How to Flatten git Commits

By  on  

One of my least favorite tasks as a software engineer is resolving merge conflicts. A simple rebase is a frequent occurrence but the rare massive conflict is inevitable when many engineers work in a single codebase. One thing that helps me deal with large rebases with many merge conflicts is flattening a branch's commits before fixing merge conflicts. Let's have a look at how to flatten those commits before resolving those conflicts!

My typical command for rebasing off of the main branch is:

# While on the feature branch...
git rebase -i master

To flatten commits before the rebase, which can make resolving merge conflicts easier, you can slightly modify the original command:

# While on the feature branch...
# git rebase -i HEAD~[NUMBER_OF_COMMITS]
git rebase -i HEAD~10

The example above would flatten the last 10 commits on the branch. With just one single commit, you avoid the stop-start nature of fixing merge conflicts with multiple commits!

Recent Features

Incredible Demos

  • By
    Create a Brilliant Sprited, CSS-Powered Firefox Animation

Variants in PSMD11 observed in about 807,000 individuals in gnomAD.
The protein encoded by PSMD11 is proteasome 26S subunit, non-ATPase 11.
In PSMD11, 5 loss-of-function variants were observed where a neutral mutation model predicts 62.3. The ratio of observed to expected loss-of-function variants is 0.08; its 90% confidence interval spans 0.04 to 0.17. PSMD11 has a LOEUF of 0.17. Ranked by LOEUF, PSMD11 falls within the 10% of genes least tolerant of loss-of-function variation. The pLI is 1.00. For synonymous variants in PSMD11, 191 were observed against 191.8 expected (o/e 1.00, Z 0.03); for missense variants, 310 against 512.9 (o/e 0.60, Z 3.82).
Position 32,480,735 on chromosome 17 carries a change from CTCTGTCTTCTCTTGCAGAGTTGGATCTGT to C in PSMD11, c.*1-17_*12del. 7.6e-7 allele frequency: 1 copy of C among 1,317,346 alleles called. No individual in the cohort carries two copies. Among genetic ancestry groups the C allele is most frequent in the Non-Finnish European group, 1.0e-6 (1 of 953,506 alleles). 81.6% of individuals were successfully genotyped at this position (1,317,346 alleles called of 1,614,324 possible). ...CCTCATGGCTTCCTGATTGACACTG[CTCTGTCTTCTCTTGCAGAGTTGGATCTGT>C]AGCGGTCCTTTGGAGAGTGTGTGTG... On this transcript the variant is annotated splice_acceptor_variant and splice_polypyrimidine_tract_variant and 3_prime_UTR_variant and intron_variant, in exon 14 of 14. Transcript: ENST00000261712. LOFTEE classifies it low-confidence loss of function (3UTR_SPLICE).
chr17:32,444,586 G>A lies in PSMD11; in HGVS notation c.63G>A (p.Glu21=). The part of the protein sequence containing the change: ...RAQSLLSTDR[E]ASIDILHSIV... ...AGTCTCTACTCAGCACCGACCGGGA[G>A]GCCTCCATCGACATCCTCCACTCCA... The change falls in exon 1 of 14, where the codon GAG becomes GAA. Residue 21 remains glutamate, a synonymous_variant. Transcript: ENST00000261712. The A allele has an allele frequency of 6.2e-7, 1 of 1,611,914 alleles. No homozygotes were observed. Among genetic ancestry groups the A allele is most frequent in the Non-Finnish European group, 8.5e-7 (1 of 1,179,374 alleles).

Mozilla recently formally announced Firefox OS and its partners at Mobile World Congress and I couldn't be more excited.  Firefox OS is going to change the lives of people in developing countries, hopefully making a name for itself in the US as well.  The...

  • By
    HTML5 Input Types Alternative

    As you may know, HTML5 has introduced several new input types: number, date, color, range, etc. The question is: should you start using these controls or not? As much as I want to say "Yes", I think they are not yet ready for any real life...

Discussion

  1. Jeff Berman

    Some of the code in my previous comment got stripped out. The command I use to merge a branch into master while flattening it to a single commit is:

    # While on the master branch...
    git merge --squash branch_name
    

    Seems there are always multiple ways to do things, especially in Git.

  2. Also it’s possible to select all commits that belongs to this branch after creation from the parent branch and don’t select count of them by hands with the following:

    git rebase -i git merge-base --fork-point master
    

    It’s useful if you want to do that prior to merge

Wrap your code in <pre class="{language}"></pre> tags, link to a GitHub gist, JSFiddle fiddle, or CodePen pen to embed!